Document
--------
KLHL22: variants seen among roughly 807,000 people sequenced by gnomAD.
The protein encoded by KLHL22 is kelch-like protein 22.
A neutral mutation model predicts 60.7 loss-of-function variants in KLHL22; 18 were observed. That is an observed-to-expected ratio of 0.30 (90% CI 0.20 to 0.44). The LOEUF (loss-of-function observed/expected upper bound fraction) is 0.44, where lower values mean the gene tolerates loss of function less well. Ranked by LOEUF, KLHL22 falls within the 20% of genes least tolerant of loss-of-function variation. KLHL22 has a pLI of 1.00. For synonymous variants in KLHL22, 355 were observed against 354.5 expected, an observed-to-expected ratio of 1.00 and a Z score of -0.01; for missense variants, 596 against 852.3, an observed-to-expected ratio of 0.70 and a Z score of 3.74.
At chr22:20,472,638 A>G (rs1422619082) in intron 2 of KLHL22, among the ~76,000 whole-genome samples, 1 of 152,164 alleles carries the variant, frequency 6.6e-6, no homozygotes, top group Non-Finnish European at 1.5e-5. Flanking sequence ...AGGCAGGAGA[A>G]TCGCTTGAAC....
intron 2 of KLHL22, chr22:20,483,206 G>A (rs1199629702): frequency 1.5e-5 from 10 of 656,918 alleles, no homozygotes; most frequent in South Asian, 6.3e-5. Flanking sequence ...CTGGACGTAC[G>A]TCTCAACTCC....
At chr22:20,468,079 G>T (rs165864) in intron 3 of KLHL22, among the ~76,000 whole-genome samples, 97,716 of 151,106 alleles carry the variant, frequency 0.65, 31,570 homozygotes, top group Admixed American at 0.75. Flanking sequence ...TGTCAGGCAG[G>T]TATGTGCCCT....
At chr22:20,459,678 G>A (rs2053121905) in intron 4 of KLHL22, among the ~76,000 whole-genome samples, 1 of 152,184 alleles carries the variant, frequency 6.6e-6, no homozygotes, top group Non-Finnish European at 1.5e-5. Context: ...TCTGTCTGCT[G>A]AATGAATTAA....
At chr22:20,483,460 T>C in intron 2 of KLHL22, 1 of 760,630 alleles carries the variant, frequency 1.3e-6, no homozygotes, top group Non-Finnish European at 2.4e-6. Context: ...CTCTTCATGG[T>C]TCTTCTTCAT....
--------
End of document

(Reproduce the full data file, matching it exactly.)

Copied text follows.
KLHL22: variants seen among roughly 807,000 people sequenced by gnomAD.
The protein encoded by KLHL22 is kelch-like protein 22.
A neutral mutation model predicts 60.7 loss-of-function variants in KLHL22; 18 were observed. That is an observed-to-expected ratio of 0.30 (90% CI 0.20 to 0.44). The LOEUF (loss-of-function observed/expected upper bound fraction) is 0.44, where lower values mean the gene tolerates loss of function less well. Ranked by LOEUF, KLHL22 falls within the 20% of genes least tolerant of loss-of-function variation. KLHL22 has a pLI of 1.00. For synonymous variants in KLHL22, 355 were observed against 354.5 expected, an observed-to-expected ratio of 1.00 and a Z score of -0.01; for missense variants, 596 against 852.3, an observed-to-expected ratio of 0.70 and a Z score of 3.74.
At chr22:20,472,638 A>G (rs1422619082) in intron 2 of KLHL22, among the ~76,000 whole-genome samples, 1 of 152,164 alleles carries the variant, frequency 6.6e-6, no homozygotes, top group Non-Finnish European at 1.5e-5. Flanking sequence ...AGGCAGGAGA[A>G]TCGCTTGAAC....
intron 2 of KLHL22, chr22:20,483,206 G>A (rs1199629702): frequency 1.5e-5 from 10 of 656,918 alleles, no homozygotes; most frequent in South Asian, 6.3e-5. Flanking sequence ...CTGGACGTAC[G>A]TCTCAACTCC....
At chr22:20,468,079 G>T (rs165864) in intron 3 of KLHL22, among the ~76,000 whole-genome samples, 97,716 of 151,106 alleles carry the variant, frequency 0.65, 31,570 homozygotes, top group Admixed American at 0.75. Flanking sequence ...TGTCAGGCAG[G>T]TATGTGCCCT....
At chr22:20,459,678 G>A (rs2053121905) in intron 4 of KLHL22, among the ~76,000 whole-genome samples, 1 of 152,184 alleles carries the variant, frequency 6.6e-6, no homozygotes, top group Non-Finnish European at 1.5e-5. Context: ...TCTGTCTGCT[G>A]AATGAATTAA....
At chr22:20,483,460 T>C in intron 2 of KLHL22, 1 of 760,630 alleles carries the variant, frequency 1.3e-6, no homozygotes, top group Non-Finnish European at 2.4e-6. Context: ...CTCTTCATGG[T>C]TCTTCTTCAT....